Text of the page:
Genoa Amps Up
The company is also announcing that it has closed a $75 million third round of funding from lead investor August Capital, together with Bessemer Venture Partners, Global Crossing Ventures, Investor AB, Levensohn Capital, Meritech Capital Partners, Oak Investment Partners, and WorldCom Ventures.
Genoa says it’s making an optical amplifier for metro networks that will be what the transistor was to electronics –- a smaller, cheaper way to boost signals that will result in better economics for equipment makers. The company appears to have invented a semiconductor optical amplifier (SOA) that incorporates a built-in vertical cavity surface emitting laser (VCSEL) to provide gain control (see Laser Blazers).
Just like any other SOA, Genoa's gadget is designed to transform a weak signal into a stronger one. But unlike a regular SOA, it purports to amplify dozens of different wavelengths of light without distortion or “cross talk" (see SOAs Not DOA).
Regular SOAs can't amplify more than one wavelength at a time, because it’s hard to control the amount of gain (or amplification) they provide. When signals are added, dropped, or switched, the optical power level inside the device fluctuates and alters the gain. When more than one wavelength is shoved through an SOA, the signals start taking on each other's characteristics.
Here’s roughly how Genoa’s tackled the problem: It's saturated the gain of the amplifier by flooding it with light from another laser. Any fluctuations in the power of the data channels appear inconsequential compared to the optical power generated by the laser.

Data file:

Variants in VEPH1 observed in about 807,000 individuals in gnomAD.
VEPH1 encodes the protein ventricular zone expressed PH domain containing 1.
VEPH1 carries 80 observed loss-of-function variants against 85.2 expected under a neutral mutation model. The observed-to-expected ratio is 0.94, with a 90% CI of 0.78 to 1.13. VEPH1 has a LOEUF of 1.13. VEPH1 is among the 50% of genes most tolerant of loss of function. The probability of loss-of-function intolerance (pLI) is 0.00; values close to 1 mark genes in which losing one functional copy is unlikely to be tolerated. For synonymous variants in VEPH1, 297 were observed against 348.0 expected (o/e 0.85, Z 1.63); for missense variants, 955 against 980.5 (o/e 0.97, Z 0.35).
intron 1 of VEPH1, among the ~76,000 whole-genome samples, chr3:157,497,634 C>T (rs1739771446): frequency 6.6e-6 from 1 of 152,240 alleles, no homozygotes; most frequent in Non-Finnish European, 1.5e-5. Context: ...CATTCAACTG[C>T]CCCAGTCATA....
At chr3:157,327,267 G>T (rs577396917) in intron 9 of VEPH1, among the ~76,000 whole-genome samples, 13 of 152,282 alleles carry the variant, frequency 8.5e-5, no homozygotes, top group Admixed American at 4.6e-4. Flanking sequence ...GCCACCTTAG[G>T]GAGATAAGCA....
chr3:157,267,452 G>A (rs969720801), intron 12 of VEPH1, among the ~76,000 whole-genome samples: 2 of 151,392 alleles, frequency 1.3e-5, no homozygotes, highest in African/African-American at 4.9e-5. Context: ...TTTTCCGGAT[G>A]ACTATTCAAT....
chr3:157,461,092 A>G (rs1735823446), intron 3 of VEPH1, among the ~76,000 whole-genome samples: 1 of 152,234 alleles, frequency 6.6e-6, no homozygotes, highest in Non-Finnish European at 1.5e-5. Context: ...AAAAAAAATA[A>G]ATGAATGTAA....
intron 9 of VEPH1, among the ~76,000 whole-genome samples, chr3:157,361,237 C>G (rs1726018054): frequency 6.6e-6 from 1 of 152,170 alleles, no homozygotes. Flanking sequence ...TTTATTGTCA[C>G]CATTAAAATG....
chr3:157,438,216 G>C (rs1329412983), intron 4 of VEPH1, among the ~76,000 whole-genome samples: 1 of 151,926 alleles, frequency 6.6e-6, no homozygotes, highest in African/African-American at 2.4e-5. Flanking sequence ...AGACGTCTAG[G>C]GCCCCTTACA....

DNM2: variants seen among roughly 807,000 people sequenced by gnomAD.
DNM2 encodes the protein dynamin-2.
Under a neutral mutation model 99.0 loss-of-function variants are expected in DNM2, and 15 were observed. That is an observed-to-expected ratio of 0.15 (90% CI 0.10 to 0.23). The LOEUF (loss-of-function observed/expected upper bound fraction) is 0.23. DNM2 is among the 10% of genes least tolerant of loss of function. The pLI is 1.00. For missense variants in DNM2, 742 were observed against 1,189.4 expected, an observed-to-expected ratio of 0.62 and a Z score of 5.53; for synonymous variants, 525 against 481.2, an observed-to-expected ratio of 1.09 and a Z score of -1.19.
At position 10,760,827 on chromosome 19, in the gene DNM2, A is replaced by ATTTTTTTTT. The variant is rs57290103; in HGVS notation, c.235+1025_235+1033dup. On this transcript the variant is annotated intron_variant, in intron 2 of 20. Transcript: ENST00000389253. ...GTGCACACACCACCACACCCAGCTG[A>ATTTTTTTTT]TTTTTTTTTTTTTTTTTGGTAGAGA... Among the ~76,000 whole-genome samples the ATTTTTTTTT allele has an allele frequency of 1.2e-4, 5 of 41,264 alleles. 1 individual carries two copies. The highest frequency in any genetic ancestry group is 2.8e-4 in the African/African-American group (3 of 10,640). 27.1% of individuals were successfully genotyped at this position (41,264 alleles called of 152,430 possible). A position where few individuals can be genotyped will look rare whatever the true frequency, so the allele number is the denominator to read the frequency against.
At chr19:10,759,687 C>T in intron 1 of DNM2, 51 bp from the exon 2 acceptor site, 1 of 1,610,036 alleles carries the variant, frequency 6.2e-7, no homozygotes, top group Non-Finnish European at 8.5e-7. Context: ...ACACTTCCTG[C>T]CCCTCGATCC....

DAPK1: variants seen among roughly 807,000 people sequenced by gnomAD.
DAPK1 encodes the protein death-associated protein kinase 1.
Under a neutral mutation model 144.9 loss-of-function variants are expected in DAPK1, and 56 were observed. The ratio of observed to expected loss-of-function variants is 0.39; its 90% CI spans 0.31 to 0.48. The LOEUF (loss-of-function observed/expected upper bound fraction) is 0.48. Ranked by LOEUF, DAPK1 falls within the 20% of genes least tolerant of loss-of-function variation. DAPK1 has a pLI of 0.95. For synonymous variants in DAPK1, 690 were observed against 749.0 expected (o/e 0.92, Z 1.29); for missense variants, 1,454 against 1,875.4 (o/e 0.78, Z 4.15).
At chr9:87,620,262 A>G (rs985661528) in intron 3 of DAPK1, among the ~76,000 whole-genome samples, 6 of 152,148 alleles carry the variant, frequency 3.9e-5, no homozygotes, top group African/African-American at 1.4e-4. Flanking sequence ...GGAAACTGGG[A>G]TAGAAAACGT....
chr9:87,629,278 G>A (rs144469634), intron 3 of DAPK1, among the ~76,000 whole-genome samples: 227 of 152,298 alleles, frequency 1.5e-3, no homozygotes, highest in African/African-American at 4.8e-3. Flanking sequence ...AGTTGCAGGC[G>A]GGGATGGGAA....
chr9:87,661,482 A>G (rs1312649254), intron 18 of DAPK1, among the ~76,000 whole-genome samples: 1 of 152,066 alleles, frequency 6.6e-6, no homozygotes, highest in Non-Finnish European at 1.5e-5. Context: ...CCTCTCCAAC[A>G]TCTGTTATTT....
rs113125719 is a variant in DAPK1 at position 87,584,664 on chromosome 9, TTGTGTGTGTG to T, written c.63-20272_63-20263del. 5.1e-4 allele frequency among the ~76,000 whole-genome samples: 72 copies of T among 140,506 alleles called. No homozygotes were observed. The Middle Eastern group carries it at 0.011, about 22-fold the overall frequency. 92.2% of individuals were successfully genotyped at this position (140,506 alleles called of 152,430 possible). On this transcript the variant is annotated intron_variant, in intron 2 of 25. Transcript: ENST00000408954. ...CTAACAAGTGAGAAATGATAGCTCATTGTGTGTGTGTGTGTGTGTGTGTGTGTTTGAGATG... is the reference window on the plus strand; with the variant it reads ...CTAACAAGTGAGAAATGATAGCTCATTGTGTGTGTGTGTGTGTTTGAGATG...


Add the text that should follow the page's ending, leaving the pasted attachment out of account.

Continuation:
Genoa also says it has monolithically integrated the laser with the SOA. Signals that need boosting pass horizontally through the device, while the light from the laser bounces vertically up and down.
“We’ve created a very, very high intensity light inside this chip... without changing the operating condition of the chip itself,” says Rick Gold, Genoa’s president and CEO.
If it works as described, Genoa's amplifier could do for metro networks what erbium doped fiber amplifiers (EDFAs) have done for long-haul networks, says Gold. But whereas EDFAs allow light to travel longer distances, Genoa’s chip will be used to compensate for loss introduced when packet processing takes place at each network node.
Some experts think Gold's got a point. Such a component development could pave the way for more all-optical technologies being used in metro networks.
“Because [Genoa’s amplifier] is so small, so inexpensive, and consumes so little power... then you can think about putting all-optical switches in metro networks without having to worry about loss,” says Scott Clavenna, president of PointEast Research LLC and director of research at Light Reading.
A cheaper amplifier for metro networks might also kick-start metro DWDM alternatives, such as CodeStream Technologies Corp.'s optical code-division multiple access (OCDMA) (see Metro DWDM: Not the Only Game in Town).
There's no doubt that Genoa’s approach is innovative. It was, after all, one of the few projects to get funding from the federal government's Advanced Technology Program (ATP) last year (see Out of the Lab: The Cream of the Trough).
But Genoa won't have the world of metro amplification to itself. SOA startups like Kamelian Ltd. and Optospeed SA, while targeting the long-haul space, will eventually be able to bring down the costs of successive products enough to make them feasible for metro applications. JDS Uniphase Inc. (Nasdaq: JDSU; Toronto: JDU), Nortel Networks Corp. (NYSE/Toronto: NT), Ericsson AB (Nasdaq: ERICY), Corning Inc. (NYSE: GLW), and Lucent Technologies Inc. (NYSE: LU) also make EDFAs refashioned for metro networks and are likely developing cheaper alternatives as well.
Genoa will ship beta samples to customers by this summer and will ship commercially by the end of the year, Gold says.
-- Phil Harvey, senior editor, Light Reading http://www.lightreading.com